of friendship between the two armies. It was with this purpose I refrained from mentioning facts in my official report which are mentioned now in this communication. I always endeavored to prevent ill-feeling between our forces, because it was to the interest of both to have them co-operate fully against a common foe.
A few days after the battle of Oak Hills General Price wrote me a note, and then called on me in person, requesting me to march with him to the Missouri River. I declined to do so, first, because my whole force fit for duty were required for the protection of the upper portion of Arkansas, and to keep the Federals in Kansas from gaining access to the Cherokee Nation, which still occupied a neutral position; secondly, because I had very little ammunition, some of my officers having informed me, when ordered to be ready to pursue the enemy on the 10th of August, that some of their men had fired their last cartridge in the battle of that date; and, thirdly, because we could expect no co-operation on the part of Colonel Hardee or General Pillow, I having just received a letter from Colonel (now General) Hardee, informing me that General Pillow had fallen back, and that in consequence he would be compelled to retire to his former position near the Arkansas line. This information I imparted to General Price in this interview.
On this day the Arkansas State troops marched for home, leaving me with about 2,500 men fit for duty, 2,000 of whom were required to defend the northwest part of Arkansas and the Indian Territory.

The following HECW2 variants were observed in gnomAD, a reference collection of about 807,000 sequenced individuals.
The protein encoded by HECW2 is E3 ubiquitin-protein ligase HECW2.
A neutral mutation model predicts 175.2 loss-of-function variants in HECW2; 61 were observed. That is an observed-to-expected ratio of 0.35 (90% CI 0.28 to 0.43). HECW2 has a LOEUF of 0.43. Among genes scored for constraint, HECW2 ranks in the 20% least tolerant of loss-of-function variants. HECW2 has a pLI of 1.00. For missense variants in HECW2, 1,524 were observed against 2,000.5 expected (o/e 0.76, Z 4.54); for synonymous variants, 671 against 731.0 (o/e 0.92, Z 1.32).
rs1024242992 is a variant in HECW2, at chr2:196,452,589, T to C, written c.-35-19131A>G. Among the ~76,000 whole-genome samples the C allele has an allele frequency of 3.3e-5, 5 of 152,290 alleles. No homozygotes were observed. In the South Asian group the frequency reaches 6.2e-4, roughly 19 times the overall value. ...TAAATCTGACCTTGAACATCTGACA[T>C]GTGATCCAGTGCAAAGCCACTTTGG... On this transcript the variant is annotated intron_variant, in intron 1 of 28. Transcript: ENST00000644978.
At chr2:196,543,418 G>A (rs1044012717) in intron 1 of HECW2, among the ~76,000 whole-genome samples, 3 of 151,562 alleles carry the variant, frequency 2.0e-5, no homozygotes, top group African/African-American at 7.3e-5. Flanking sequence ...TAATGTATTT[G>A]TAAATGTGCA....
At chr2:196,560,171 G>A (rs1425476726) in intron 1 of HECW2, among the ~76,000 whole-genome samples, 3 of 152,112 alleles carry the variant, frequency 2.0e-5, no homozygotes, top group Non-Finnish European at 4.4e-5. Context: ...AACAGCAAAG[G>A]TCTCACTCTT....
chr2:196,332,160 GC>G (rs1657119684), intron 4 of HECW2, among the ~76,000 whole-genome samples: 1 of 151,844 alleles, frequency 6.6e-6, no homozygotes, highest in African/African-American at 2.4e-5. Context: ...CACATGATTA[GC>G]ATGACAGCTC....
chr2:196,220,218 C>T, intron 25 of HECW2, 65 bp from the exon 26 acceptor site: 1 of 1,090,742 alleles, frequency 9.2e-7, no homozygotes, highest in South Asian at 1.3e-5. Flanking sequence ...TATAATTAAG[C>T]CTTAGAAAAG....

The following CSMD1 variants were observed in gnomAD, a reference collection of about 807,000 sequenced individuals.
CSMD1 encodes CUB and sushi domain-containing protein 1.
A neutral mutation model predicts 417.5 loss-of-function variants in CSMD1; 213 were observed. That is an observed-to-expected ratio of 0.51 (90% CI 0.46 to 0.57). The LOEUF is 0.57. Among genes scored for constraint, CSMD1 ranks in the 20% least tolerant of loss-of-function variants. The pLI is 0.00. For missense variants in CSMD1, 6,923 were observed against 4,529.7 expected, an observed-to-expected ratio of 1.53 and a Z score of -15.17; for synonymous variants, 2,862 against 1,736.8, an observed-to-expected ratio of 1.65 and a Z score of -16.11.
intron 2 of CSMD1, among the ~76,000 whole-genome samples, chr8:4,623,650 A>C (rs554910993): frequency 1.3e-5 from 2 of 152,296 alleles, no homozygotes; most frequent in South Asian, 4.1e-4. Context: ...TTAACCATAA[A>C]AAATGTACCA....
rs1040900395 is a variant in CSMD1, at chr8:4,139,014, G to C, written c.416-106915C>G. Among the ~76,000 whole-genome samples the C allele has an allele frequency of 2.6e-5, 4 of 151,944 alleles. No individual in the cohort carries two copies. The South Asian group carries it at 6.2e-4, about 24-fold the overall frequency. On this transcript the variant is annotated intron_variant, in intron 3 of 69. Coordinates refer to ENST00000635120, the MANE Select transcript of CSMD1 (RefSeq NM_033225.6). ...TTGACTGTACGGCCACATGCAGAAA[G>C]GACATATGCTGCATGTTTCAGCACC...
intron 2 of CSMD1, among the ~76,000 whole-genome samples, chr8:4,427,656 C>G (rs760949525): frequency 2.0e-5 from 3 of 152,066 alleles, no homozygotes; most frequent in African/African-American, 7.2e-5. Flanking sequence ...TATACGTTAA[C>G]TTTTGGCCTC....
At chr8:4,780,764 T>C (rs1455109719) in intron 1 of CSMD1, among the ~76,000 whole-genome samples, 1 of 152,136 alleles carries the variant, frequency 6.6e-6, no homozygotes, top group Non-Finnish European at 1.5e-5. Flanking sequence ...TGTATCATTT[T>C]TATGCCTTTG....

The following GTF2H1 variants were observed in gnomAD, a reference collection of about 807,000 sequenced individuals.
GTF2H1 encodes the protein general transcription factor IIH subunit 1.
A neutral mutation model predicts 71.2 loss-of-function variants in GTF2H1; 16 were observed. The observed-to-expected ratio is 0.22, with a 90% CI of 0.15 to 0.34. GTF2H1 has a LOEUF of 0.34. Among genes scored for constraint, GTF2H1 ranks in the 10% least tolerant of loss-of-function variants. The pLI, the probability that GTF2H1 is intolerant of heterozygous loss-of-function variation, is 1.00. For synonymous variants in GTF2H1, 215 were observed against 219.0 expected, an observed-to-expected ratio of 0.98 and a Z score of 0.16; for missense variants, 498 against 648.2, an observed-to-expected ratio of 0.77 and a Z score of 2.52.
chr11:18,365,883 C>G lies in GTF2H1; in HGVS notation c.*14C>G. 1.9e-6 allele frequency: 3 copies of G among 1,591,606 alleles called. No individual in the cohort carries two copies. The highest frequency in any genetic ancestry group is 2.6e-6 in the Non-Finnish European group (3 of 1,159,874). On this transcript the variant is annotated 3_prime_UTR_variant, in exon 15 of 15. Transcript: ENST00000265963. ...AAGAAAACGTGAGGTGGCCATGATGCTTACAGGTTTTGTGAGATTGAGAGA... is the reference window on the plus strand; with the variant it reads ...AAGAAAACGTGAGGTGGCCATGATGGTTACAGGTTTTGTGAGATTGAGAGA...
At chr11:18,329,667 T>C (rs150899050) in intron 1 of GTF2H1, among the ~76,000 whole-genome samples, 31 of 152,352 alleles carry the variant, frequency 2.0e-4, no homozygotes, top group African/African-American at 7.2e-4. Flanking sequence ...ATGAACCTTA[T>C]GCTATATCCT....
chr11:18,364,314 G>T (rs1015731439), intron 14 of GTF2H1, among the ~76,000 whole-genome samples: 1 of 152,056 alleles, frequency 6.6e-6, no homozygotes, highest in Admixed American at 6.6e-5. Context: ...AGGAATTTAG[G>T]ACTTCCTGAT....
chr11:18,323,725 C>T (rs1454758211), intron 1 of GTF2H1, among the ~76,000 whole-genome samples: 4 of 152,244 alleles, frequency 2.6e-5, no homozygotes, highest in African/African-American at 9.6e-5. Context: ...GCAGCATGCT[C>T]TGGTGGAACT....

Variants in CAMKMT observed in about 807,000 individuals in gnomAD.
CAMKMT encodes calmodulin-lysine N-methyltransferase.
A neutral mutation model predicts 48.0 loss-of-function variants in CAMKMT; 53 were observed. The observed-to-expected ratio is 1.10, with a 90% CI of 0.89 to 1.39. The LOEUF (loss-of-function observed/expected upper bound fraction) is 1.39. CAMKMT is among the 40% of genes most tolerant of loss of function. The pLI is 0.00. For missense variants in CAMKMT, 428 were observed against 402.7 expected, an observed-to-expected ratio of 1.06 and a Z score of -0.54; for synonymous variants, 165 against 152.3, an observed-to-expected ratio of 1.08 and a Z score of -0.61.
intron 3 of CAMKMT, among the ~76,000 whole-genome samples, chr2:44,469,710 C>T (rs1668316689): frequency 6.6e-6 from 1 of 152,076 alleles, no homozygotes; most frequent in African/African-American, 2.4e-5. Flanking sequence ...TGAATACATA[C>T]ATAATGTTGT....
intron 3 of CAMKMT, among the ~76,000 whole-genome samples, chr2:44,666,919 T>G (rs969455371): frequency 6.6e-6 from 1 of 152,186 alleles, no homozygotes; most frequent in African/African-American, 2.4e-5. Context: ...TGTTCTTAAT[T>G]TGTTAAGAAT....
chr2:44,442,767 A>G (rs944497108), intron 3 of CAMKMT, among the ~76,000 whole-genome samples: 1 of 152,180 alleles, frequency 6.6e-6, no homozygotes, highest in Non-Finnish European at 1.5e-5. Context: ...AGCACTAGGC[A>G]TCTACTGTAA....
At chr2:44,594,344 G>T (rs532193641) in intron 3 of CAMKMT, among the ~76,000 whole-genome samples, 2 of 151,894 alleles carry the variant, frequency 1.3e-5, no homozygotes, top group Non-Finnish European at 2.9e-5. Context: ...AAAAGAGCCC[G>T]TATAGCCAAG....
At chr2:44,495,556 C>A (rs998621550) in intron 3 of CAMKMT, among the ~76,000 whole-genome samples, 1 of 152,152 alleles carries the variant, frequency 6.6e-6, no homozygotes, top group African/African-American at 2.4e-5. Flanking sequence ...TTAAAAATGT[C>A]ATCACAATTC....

Whilst General Price and myself have ever been on the most friendly terms personally, yet we never could agree as to the proper time of marching to the Missouri River. Had he though proper to listen to my suggestions on the subject he would have been advised to fortify Springfield and hold it with his infantry and artillery and post his Kansas. The legislature could then have been called together by the governor at Springfield, the State have seceded from the Union, and her army been turned over to the Confederacy at the time she was admitted as a member. A commandeer over the State forces and those under me could have been appointed by the President, which would have secured co-operation in all their movements. Then, if possible, a considerable number of extra arms to give to those who joined us, and at the same time a force to have menaced Saint Louis from below, would have been the time to march to the Missouri River, raise the strong secession element on both sides of the river, and march down upon Saint Louis. At all events, it could have been mustered into the Confederate service and brought off to the interior of the State, and not abandoned, after being raised, to be stripped of its arms and put in such condition by the Federal Government as to be of no sort of use in the future struggles in the Sate for independence.
Soon after the battle was fought and won at Oak Hills the forces engaged in its glorious achievement separated-those under General Price for the Missouri River; those under General Pearce left for home, whilst those under my command moved off towards the Cherokee Nation. I immediately used every exertion to increase my force, for the purpose of attacking Forts Scott and Lincoln, in Kansas, and just at the time I was concentrating my whole force near the Kansas border General Price came down upon me, bringing the intelligence of the approach of General Fremont upon Springfield with 30,000 or 40,000 men. This forced me to abandon my contemplated campaign and repair at once to the Telegraph road which leads from Springfield to Fayetteville, in Arkansas, where most of my supplies were kept at the time, and were liable to be destroyed by a few bold horsemen.